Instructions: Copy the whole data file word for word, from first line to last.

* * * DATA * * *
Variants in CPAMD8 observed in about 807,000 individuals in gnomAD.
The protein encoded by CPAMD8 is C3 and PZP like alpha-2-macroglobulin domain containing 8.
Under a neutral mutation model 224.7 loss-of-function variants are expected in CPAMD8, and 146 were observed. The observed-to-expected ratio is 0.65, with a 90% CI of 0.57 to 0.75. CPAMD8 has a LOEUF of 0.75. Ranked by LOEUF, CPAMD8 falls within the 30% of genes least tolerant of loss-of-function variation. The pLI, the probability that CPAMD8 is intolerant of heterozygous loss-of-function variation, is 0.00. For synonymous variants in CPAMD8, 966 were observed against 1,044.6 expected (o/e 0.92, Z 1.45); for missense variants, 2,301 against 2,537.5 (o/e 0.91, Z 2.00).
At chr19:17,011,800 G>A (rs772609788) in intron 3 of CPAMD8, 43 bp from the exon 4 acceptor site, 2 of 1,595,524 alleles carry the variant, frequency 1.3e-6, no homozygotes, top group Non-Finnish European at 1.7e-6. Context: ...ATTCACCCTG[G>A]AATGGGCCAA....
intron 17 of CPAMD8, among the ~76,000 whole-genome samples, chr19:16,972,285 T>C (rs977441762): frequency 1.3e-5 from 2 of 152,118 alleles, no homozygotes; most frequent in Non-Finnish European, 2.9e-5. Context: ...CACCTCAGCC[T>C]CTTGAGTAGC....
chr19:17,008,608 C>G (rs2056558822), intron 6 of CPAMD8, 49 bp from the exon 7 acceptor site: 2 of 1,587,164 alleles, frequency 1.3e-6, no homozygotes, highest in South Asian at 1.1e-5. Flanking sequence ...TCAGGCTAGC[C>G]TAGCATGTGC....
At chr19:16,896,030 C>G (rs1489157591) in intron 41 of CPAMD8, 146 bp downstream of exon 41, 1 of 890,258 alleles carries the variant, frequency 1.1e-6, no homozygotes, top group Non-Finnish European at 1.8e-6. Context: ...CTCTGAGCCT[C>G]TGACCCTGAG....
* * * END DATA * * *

Variants in CPAMD8 observed in about 807,000 individuals in gnomAD.
The protein encoded by CPAMD8 is C3 and PZP like alpha-2-macroglobulin domain containing 8.
Under a neutral mutation model 224.7 loss-of-function variants are expected in CPAMD8, and 146 were observed. The observed-to-expected ratio is 0.65, with a 90% CI of 0.57 to 0.75. CPAMD8 has a LOEUF of 0.75. Ranked by LOEUF, CPAMD8 falls within the 30% of genes least tolerant of loss-of-function variation. The pLI, the probability that CPAMD8 is intolerant of heterozygous loss-of-function variation, is 0.00. For synonymous variants in CPAMD8, 966 were observed against 1,044.6 expected (o/e 0.92, Z 1.45); for missense variants, 2,301 against 2,537.5 (o/e 0.91, Z 2.00).
At chr19:17,011,800 G>A (rs772609788) in intron 3 of CPAMD8, 43 bp from the exon 4 acceptor site, 2 of 1,595,524 alleles carry the variant, frequency 1.3e-6, no homozygotes, top group Non-Finnish European at 1.7e-6. Context: ...ATTCACCCTG[G>A]AATGGGCCAA....
intron 17 of CPAMD8, among the ~76,000 whole-genome samples, chr19:16,972,285 T>C (rs977441762): frequency 1.3e-5 from 2 of 152,118 alleles, no homozygotes; most frequent in Non-Finnish European, 2.9e-5. Context: ...CACCTCAGCC[T>C]CTTGAGTAGC....
chr19:17,008,608 C>G (rs2056558822), intron 6 of CPAMD8, 49 bp from the exon 7 acceptor site: 2 of 1,587,164 alleles, frequency 1.3e-6, no homozygotes, highest in South Asian at 1.1e-5. Flanking sequence ...TCAGGCTAGC[C>G]TAGCATGTGC....
At chr19:16,896,030 C>G (rs1489157591) in intron 41 of CPAMD8, 146 bp downstream of exon 41, 1 of 890,258 alleles carries the variant, frequency 1.1e-6, no homozygotes, top group Non-Finnish European at 1.8e-6. Context: ...CTCTGAGCCT[C>G]TGACCCTGAG....